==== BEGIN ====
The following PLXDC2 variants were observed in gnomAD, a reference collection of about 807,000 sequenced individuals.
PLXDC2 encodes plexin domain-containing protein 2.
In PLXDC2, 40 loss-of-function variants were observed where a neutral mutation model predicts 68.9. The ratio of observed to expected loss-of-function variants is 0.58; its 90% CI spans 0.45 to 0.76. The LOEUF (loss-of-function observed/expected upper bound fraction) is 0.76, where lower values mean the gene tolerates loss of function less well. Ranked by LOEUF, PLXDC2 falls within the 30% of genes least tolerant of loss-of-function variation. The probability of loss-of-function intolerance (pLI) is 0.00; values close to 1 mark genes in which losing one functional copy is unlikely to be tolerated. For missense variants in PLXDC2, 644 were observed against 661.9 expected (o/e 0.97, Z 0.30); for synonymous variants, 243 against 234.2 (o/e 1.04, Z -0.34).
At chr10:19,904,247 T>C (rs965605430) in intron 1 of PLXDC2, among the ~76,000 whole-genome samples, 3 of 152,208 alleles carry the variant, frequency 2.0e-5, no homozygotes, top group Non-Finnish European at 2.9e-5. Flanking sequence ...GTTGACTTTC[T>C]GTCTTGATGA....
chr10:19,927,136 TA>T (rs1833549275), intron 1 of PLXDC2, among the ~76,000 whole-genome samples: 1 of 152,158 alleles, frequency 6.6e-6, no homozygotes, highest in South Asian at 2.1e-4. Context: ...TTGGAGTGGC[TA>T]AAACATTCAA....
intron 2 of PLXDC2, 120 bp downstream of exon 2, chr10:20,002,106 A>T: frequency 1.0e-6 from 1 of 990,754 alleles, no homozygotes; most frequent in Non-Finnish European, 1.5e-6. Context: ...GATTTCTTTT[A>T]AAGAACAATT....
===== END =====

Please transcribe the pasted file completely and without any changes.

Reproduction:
The following PLXDC2 variants were observed in gnomAD, a reference collection of about 807,000 sequenced individuals.
PLXDC2 encodes plexin domain-containing protein 2.
In PLXDC2, 40 loss-of-function variants were observed where a neutral mutation model predicts 68.9. The ratio of observed to expected loss-of-function variants is 0.58; its 90% CI spans 0.45 to 0.76. The LOEUF (loss-of-function observed/expected upper bound fraction) is 0.76, where lower values mean the gene tolerates loss of function less well. Ranked by LOEUF, PLXDC2 falls within the 30% of genes least tolerant of loss-of-function variation. The probability of loss-of-function intolerance (pLI) is 0.00; values close to 1 mark genes in which losing one functional copy is unlikely to be tolerated. For missense variants in PLXDC2, 644 were observed against 661.9 expected (o/e 0.97, Z 0.30); for synonymous variants, 243 against 234.2 (o/e 1.04, Z -0.34).
At chr10:19,904,247 T>C (rs965605430) in intron 1 of PLXDC2, among the ~76,000 whole-genome samples, 3 of 152,208 alleles carry the variant, frequency 2.0e-5, no homozygotes, top group Non-Finnish European at 2.9e-5. Flanking sequence ...GTTGACTTTC[T>C]GTCTTGATGA....
chr10:19,927,136 TA>T (rs1833549275), intron 1 of PLXDC2, among the ~76,000 whole-genome samples: 1 of 152,158 alleles, frequency 6.6e-6, no homozygotes, highest in South Asian at 2.1e-4. Context: ...TTGGAGTGGC[TA>T]AAACATTCAA....
intron 2 of PLXDC2, 120 bp downstream of exon 2, chr10:20,002,106 A>T: frequency 1.0e-6 from 1 of 990,754 alleles, no homozygotes; most frequent in Non-Finnish European, 1.5e-6. Context: ...GATTTCTTTT[A>T]AAGAACAATT....